The Himalayas were formed by the collision of the northward-moving Indian continent with the Eurasian plate, an event initiated around 60 million year ago. However, the past 10 Million years to the present is an important period in Earth history because of the uplift of the Himalayas Mountain, forming the more than 8000 m high mountain range in South Asia. The uplift of the Himalaya is thought to have caused changes in world climate. A global cooling of world climate is the best example of the effects produced, due to absorption of carbon dioxide by chemical weathering induced by uplift leading to seasonal rainfall (Indian summer Monsoon).
So when did the Indian summer Monsoon begin? This question has been addressed by many researchers, but it remains a matter of debate. Several methods have been used to reconstruct past climate, including carbon and oxygen isotopes analysis, plant and pollen fossils, and the characteristics of Siwalik Group sediment accumulation in the front of the Himalayas. Carbon isotope analyses show that major climatic changes occurred 7-8 million years ago (Quade et al., 1995). However, other studies suggest that climatic changes occurred about 10 million years ago (Tanaka, 1997), and some oxygen isotopic studies have concluded that the Indian monsoon began at around 10.7 Million years ago. Recently, the age of Indian monsoon inititation has been put back to around 15 Million year ago, predating the formation of the Himalaya (e.g. Clift, 2008). Previous studies have not discussed the possible causes of the age gap of estimates of the timing of Summer Monsoon onset. The effect of local climate changes by changing local topography is a possible cause. Study of sediment records whose sedimentation patterns were not affected by local climate and topography are thus needed to interpret past climate.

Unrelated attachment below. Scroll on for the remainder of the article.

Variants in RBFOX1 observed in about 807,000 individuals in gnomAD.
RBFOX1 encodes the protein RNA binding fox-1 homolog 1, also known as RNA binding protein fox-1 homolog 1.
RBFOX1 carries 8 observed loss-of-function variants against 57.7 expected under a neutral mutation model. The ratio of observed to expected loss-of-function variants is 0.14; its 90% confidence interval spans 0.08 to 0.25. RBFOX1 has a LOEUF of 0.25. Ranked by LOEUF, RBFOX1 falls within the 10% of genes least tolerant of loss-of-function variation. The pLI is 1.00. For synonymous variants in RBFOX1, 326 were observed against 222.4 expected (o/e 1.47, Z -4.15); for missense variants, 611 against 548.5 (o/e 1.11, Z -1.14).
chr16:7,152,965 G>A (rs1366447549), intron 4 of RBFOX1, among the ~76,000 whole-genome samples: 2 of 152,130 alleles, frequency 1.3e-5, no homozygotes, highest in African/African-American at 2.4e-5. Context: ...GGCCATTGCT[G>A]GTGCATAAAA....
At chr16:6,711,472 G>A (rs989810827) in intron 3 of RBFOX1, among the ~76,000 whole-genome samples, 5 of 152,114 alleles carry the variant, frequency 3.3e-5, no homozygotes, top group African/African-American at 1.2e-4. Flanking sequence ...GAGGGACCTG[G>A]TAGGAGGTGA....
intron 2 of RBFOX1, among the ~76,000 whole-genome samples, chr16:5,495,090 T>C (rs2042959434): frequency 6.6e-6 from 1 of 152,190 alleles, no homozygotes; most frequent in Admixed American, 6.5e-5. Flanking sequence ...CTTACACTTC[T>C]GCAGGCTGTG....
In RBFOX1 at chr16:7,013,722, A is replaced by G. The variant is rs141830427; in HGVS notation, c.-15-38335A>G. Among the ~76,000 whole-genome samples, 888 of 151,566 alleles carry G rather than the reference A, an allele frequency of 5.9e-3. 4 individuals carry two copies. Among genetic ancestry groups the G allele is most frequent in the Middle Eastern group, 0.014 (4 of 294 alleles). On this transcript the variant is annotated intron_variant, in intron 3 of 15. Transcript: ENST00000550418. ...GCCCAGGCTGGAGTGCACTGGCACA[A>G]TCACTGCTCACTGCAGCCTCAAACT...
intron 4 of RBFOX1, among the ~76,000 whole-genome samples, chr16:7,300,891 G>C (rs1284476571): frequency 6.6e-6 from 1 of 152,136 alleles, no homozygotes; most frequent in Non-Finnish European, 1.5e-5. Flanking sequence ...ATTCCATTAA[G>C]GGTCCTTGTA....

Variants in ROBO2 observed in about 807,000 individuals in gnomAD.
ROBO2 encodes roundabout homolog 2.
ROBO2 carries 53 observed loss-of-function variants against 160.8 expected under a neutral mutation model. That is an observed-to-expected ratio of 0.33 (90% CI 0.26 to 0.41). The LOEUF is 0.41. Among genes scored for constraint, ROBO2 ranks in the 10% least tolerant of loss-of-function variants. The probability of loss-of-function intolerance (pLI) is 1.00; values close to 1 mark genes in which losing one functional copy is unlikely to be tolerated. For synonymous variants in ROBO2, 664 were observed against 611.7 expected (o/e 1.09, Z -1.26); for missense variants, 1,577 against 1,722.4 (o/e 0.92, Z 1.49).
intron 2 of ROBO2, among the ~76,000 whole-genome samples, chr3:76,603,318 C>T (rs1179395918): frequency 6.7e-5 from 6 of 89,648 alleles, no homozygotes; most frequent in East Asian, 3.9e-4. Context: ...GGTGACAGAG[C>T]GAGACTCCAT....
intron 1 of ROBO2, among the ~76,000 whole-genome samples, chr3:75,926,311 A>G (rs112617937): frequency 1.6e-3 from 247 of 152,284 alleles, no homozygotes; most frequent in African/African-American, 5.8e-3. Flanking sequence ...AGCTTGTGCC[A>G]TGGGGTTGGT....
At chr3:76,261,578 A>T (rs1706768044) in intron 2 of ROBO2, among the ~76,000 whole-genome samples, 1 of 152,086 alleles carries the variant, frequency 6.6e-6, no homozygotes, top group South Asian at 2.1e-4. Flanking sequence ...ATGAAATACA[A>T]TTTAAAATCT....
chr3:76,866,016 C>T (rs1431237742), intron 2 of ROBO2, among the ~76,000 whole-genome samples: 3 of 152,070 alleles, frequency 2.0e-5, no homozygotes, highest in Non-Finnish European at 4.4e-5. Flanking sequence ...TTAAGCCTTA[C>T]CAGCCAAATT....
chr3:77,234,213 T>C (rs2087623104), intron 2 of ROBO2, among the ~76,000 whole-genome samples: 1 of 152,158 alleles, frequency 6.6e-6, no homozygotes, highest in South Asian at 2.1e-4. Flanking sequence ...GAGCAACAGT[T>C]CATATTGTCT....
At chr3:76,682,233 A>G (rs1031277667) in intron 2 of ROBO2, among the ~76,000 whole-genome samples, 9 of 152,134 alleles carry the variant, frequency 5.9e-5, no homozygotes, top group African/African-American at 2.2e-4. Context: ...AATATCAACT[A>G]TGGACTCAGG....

The Siwalik Group lying in the southern flank of the Himalaya is expected to constitute a good record of the regional changes in climate and tectonics. My target is the 6 km thick Karnali River section, where the large Paleo-Karnali River is thought to have flowed.